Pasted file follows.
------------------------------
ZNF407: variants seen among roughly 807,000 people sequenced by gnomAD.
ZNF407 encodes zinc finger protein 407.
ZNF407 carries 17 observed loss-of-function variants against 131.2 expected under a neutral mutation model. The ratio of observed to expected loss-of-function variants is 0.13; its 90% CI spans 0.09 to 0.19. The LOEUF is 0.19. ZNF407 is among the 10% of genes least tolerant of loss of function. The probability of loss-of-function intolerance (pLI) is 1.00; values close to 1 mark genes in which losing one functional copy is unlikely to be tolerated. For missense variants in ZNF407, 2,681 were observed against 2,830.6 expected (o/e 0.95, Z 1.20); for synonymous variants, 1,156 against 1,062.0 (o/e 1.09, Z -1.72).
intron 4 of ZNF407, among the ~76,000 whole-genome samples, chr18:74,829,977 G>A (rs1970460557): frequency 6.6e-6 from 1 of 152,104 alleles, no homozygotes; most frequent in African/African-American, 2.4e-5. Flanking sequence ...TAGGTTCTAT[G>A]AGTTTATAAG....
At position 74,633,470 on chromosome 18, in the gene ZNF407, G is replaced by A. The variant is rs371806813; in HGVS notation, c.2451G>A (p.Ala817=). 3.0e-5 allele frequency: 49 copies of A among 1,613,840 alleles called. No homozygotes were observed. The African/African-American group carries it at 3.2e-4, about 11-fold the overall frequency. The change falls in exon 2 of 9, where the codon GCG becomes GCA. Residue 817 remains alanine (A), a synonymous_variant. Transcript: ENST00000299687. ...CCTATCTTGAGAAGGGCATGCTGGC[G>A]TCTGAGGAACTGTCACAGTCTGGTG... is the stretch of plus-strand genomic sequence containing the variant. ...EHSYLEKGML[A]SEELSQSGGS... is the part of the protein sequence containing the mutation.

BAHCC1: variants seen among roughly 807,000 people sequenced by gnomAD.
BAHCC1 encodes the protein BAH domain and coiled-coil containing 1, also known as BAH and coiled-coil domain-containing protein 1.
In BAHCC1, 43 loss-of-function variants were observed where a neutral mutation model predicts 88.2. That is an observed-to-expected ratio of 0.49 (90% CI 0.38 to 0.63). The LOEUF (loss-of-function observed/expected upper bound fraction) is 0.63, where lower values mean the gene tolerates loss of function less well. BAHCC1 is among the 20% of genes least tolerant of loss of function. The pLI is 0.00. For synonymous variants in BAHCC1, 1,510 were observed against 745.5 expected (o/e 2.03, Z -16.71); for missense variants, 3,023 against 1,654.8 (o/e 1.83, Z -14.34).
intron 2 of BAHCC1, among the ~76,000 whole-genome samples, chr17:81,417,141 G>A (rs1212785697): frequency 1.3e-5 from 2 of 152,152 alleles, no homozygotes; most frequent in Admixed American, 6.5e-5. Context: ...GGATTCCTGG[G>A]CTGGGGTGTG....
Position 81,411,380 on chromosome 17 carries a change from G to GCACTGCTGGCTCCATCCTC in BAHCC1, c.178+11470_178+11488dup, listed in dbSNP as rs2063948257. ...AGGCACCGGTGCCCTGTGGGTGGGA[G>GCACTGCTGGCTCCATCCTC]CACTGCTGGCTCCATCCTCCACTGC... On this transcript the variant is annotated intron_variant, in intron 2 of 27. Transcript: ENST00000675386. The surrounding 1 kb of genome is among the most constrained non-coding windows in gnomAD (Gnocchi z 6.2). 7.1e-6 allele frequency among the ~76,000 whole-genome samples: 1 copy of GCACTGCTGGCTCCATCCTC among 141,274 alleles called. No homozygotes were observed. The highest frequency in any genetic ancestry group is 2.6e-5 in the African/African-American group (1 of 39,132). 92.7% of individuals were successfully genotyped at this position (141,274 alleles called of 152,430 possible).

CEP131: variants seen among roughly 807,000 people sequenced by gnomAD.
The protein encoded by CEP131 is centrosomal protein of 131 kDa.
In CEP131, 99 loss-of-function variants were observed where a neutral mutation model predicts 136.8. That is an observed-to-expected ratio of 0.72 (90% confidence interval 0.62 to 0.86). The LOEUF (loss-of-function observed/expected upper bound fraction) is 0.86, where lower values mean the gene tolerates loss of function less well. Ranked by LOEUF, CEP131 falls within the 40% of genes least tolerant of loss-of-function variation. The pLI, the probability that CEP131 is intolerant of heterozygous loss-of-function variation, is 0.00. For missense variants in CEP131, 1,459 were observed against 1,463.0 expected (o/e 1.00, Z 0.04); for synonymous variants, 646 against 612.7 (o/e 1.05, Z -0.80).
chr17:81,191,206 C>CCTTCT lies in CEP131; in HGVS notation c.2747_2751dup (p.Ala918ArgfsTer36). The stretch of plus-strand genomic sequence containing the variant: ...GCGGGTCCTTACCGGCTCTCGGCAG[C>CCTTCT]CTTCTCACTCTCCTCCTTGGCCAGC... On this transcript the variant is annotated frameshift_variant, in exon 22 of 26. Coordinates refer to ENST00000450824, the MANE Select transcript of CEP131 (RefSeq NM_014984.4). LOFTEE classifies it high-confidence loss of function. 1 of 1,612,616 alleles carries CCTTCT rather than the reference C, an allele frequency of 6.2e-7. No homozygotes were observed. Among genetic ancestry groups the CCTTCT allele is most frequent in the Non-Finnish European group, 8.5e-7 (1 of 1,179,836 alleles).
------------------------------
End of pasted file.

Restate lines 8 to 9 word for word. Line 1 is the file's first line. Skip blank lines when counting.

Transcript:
In BAHCC1, 43 loss-of-function variants were observed where a neutral mutation model predicts 88.2. That is an observed-to-expected ratio of 0.49 (90% CI 0.38 to 0.63). The LOEUF (loss-of-function observed/expected upper bound fraction) is 0.63, where lower values mean the gene tolerates loss of function less well. BAHCC1 is among the 20% of genes least tolerant of loss of function. The pLI is 0.00. For synonymous variants in BAHCC1, 1,510 were observed against 745.5 expected (o/e 2.03, Z -16.71); for missense variants, 3,023 against 1,654.8 (o/e 1.83, Z -14.34).
intron 2 of BAHCC1, among the ~76,000 whole-genome samples, chr17:81,417,141 G>A (rs1212785697): frequency 1.3e-5 from 2 of 152,152 alleles, no homozygotes; most frequent in Admixed American, 6.5e-5. Context: ...GGATTCCTGG[G>A]CTGGGGTGTG....